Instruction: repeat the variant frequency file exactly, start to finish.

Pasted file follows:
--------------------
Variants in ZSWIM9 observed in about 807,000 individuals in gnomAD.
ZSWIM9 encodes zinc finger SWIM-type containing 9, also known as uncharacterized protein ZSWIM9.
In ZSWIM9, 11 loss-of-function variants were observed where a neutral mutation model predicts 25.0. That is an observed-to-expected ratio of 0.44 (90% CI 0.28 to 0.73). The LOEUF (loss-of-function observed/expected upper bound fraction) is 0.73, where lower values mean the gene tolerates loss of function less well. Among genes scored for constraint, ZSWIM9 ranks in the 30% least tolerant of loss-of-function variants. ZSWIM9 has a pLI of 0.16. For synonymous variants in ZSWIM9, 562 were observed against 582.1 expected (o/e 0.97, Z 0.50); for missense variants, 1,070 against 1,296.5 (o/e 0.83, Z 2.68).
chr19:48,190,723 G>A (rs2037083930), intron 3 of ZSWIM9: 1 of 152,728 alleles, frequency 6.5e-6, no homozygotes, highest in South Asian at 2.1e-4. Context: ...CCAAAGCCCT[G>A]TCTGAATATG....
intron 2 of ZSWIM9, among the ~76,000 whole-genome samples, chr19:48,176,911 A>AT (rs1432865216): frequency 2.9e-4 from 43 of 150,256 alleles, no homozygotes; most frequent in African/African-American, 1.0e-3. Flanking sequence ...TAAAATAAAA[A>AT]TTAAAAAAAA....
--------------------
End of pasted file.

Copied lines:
Variants in ZSWIM9 observed in about 807,000 individuals in gnomAD.
ZSWIM9 encodes zinc finger SWIM-type containing 9, also known as uncharacterized protein ZSWIM9.
In ZSWIM9, 11 loss-of-function variants were observed where a neutral mutation model predicts 25.0. That is an observed-to-expected ratio of 0.44 (90% CI 0.28 to 0.73). The LOEUF (loss-of-function observed/expected upper bound fraction) is 0.73, where lower values mean the gene tolerates loss of function less well. Among genes scored for constraint, ZSWIM9 ranks in the 30% least tolerant of loss-of-function variants. ZSWIM9 has a pLI of 0.16. For synonymous variants in ZSWIM9, 562 were observed against 582.1 expected (o/e 0.97, Z 0.50); for missense variants, 1,070 against 1,296.5 (o/e 0.83, Z 2.68).
chr19:48,190,723 G>A (rs2037083930), intron 3 of ZSWIM9: 1 of 152,728 alleles, frequency 6.5e-6, no homozygotes, highest in South Asian at 2.1e-4. Context: ...CCAAAGCCCT[G>A]TCTGAATATG....
intron 2 of ZSWIM9, among the ~76,000 whole-genome samples, chr19:48,176,911 A>AT (rs1432865216): frequency 2.9e-4 from 43 of 150,256 alleles, no homozygotes; most frequent in African/African-American, 1.0e-3. Flanking sequence ...TAAAATAAAA[A>AT]TTAAAAAAAA....